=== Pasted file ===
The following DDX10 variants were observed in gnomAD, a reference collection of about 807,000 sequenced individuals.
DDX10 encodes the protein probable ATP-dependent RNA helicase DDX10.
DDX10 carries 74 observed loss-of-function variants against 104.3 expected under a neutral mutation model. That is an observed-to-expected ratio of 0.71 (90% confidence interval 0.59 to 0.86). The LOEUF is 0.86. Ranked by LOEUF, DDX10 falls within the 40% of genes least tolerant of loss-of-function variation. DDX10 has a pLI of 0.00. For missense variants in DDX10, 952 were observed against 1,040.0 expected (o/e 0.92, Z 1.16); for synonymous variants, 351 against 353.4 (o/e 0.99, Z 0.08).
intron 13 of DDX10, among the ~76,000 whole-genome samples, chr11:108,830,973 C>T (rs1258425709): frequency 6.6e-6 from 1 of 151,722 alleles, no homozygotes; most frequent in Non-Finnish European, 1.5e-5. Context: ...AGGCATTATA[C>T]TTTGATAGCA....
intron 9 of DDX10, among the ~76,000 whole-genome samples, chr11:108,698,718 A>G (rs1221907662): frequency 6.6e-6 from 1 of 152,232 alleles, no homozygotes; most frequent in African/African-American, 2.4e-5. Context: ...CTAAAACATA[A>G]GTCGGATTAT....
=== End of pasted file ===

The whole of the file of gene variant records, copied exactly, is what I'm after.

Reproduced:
The following DDX10 variants were observed in gnomAD, a reference collection of about 807,000 sequenced individuals.
DDX10 encodes the protein probable ATP-dependent RNA helicase DDX10.
DDX10 carries 74 observed loss-of-function variants against 104.3 expected under a neutral mutation model. That is an observed-to-expected ratio of 0.71 (90% confidence interval 0.59 to 0.86). The LOEUF is 0.86. Ranked by LOEUF, DDX10 falls within the 40% of genes least tolerant of loss-of-function variation. DDX10 has a pLI of 0.00. For missense variants in DDX10, 952 were observed against 1,040.0 expected (o/e 0.92, Z 1.16); for synonymous variants, 351 against 353.4 (o/e 0.99, Z 0.08).
intron 13 of DDX10, among the ~76,000 whole-genome samples, chr11:108,830,973 C>T (rs1258425709): frequency 6.6e-6 from 1 of 151,722 alleles, no homozygotes; most frequent in Non-Finnish European, 1.5e-5. Context: ...AGGCATTATA[C>T]TTTGATAGCA....
intron 9 of DDX10, among the ~76,000 whole-genome samples, chr11:108,698,718 A>G (rs1221907662): frequency 6.6e-6 from 1 of 152,232 alleles, no homozygotes; most frequent in African/African-American, 2.4e-5. Context: ...CTAAAACATA[A>G]GTCGGATTAT....